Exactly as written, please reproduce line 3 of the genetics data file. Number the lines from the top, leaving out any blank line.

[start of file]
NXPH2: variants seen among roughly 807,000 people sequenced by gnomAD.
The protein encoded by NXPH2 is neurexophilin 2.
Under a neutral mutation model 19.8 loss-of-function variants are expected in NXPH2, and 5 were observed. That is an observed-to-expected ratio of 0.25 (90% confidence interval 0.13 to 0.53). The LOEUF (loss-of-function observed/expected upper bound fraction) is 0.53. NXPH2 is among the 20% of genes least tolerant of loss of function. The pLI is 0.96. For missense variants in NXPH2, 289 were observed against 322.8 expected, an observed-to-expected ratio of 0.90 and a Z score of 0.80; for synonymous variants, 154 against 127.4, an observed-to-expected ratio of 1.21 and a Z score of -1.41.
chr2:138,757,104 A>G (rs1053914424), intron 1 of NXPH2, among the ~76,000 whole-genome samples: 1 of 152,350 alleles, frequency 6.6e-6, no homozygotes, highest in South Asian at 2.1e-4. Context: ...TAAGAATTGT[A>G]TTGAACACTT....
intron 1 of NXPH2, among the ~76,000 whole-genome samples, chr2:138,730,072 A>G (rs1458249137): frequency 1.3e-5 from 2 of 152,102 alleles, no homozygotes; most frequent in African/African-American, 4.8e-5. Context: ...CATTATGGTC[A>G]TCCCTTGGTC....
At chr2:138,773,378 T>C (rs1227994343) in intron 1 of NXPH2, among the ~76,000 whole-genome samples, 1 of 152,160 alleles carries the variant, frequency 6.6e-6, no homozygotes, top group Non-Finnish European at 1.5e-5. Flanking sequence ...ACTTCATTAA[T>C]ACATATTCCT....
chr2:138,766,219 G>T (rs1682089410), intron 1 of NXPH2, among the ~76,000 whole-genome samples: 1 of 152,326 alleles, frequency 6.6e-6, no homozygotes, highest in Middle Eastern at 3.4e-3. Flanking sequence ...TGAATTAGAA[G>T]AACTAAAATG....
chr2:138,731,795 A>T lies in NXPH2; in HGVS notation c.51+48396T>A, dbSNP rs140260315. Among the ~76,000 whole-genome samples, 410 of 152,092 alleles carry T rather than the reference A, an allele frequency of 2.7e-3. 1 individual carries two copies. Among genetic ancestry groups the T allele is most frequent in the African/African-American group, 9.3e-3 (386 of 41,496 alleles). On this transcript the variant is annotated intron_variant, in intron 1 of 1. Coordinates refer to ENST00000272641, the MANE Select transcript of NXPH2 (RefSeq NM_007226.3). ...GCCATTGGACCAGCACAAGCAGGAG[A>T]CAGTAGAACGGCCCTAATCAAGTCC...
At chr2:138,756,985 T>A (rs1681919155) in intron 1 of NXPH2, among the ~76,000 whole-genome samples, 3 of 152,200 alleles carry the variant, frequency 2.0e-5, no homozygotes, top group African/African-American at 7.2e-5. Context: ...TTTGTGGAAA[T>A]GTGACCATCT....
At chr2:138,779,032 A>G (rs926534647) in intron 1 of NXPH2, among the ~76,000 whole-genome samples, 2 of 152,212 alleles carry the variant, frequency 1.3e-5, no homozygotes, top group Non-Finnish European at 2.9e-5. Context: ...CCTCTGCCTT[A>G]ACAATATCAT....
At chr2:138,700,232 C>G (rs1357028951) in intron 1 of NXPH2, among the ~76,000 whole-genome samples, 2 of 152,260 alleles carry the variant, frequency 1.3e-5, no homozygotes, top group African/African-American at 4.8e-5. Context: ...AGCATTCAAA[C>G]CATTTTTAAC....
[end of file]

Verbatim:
Under a neutral mutation model 19.8 loss-of-function variants are expected in NXPH2, and 5 were observed. That is an observed-to-expected ratio of 0.25 (90% confidence interval 0.13 to 0.53). The LOEUF (loss-of-function observed/expected upper bound fraction) is 0.53. NXPH2 is among the 20% of genes least tolerant of loss of function. The pLI is 0.96. For missense variants in NXPH2, 289 were observed against 322.8 expected, an observed-to-expected ratio of 0.90 and a Z score of 0.80; for synonymous variants, 154 against 127.4, an observed-to-expected ratio of 1.21 and a Z score of -1.41.